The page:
Katharina R. Lestari, Jakarta
Updated: September 15, 2020 10:28 AM GMT
Father Alfonsus Biru Kira (left) poses for a picture with a Papuan coffee farmer. (Photo supplied)
Father Alfonsus Biru Kira’s missionary work in the Land of Papua began several years after he first set foot in Indonesia’s easternmost region in 2008.
He was still a Jakarta-based Jesuit seminarian assigned to Christ Our Friends Church in Papua’s Nabire district for a pastoral orientation program.
“Soon after I got off the plane, I could see that something was not right. There was a very clear social gap. Papuan people walked barefoot while outsiders rode around in vehicles and wore nice clothes,” he told UCA News.
Spending a year in the parish exposed him to many problems faced by the Papuan people, with poverty, injustice and violence being just some of them.
They were problems he could not easily forget after returning to Yogyakarta province in Java to continue his studies at St. Ignatius College.
“For three years at the college, I could only think of Papua, speak about Papua and read books about Papua,” he said.
Then one day, before being ordained a deacon, the Jesuit provincial suggested he serve the congregation as a diocesan priest in Papua.
“The Papuan people were always in my thoughts. Besides, I like to go hiking, which I did in the mountains and forests while I was there. Maybe the Jesuit provincial was reading my thoughts,” he said.
Finally, in 2012, he returned to Papua after completing his theological studies at the Jesuit-run Sanata Dharma University in Yogyakarta.
Three years later, he was ordained as a priest in Papua’s Timika Diocese.
Father Kira began his missionary work at Our Lady of the Rosary Church in Modio, a village in Papua’s Dogiyai district.
Since then, the only mission of the Flores-born priest, who also studied philosophy at Jakarta’s Driyarkarya School of Philosophy, has been to protect the Papuan people in a changing world.
“Papua is facing a transition. Yet this transition often shows an inhumane face. There is violence, injustice and poverty. To make a humane transition, I try to empower the Papuan people,” he said.
His mission goes hand in hand with the village’s core values and heritage, which embody the history of Catholicism and civilization in the region as well as the richness of natural resources.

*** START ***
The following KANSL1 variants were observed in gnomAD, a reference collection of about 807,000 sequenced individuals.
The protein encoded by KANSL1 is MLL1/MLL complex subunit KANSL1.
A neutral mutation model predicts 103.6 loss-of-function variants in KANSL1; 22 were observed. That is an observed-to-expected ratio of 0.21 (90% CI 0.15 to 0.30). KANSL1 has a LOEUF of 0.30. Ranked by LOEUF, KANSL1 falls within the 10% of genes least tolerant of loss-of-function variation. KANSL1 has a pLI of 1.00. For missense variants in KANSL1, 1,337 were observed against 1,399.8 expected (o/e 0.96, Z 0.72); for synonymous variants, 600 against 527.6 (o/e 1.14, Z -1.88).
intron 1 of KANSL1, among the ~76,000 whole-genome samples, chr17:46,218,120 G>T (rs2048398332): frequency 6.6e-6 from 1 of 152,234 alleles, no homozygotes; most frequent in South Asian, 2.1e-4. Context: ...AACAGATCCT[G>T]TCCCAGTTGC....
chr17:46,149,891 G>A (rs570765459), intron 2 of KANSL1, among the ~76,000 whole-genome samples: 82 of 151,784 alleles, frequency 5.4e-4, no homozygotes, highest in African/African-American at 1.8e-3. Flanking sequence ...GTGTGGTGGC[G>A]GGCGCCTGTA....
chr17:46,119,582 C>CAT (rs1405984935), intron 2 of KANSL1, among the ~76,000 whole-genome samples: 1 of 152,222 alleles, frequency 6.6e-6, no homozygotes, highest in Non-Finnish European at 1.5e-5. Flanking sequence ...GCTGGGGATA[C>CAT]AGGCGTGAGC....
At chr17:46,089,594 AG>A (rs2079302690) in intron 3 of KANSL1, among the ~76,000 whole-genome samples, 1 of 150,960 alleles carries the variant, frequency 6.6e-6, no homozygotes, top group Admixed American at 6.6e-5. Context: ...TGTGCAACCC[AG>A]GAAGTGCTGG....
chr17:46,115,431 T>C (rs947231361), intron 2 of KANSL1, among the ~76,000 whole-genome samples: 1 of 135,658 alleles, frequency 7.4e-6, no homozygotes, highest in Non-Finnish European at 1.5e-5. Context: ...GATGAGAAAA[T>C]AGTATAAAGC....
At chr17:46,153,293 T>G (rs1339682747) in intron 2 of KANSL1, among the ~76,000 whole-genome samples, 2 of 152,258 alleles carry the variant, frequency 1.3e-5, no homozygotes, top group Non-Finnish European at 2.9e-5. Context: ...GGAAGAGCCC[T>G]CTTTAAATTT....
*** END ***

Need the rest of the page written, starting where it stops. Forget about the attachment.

“I want to make this area a popular historical site and Marian shrine. It is like Sendangsono Marian Shrine in Yogyakarta province, where the seeds of the Catholic faith in Java were sown,” he said.
Sendangsono Marian Shrine, whose name means a “spring that flows under a tree,” was the baptism site of 171 Javanese people in December 1904. Jesuit Father Franciscus van Lith blessed the spring and used the water for their baptism.
The event is regarded as the birth of Semarang Archdiocese, which includes Yogyakarta province.
“This village is rich in natural resources such as coffee, noken [traditional woven bags made from dried tree bark], peanuts and onion. For now, I focus on coffee,” he said.
Father Kira said he is looking to develop the village through coffee because it has national and international value and because almost all the villagers, who are Christian, are coffee farmers.
“This is where I start. I want to make the coffee in this village famous,” he said.
He buys coffee beans from small farmers and then processes them into instant coffee powder.
“I want to teach the villagers that they can produce something from their land and improve their economic situation. If they realize that they can make money from their land, they will not sell it,” he said.
“I am afraid they will lose their land because of their dependence on government assistance. I am afraid they will sell their land to outsiders who might harm the environment, so the easiest way to stop this is buying what they grow,” he said.
He sells the coffee in the main district town and neighboring Nabire district, which involves many hours of travel over rough terrain.
He usually spends a week away during which time he also teaches college students.
“My buyers are mostly policemen and military personnel doing tours of duty in Papua,” he said.
Father Kira has received praise from the Papuan people for his missionary work, including from Yeri Degei from St. Mary Magdalene Mission Station in the village of Putapa.
“He is a priest who wants to serve his people, not to be served. As well as proclaiming the Good News, he helps develop Papuan people’s potential,” he said.
“He may look calm and quiet, but he actually fights against socioeconomic injustices faced by the Papuan people,” he said.
Father Kira, now 40, believes his missionary work has been planned by God.
“It is not my work. It is the work of God. Now I know it is a project of God, I can be calm. No matter how difficult the challenges I face, there will be changes. All I have to do is to be patient,” he said.
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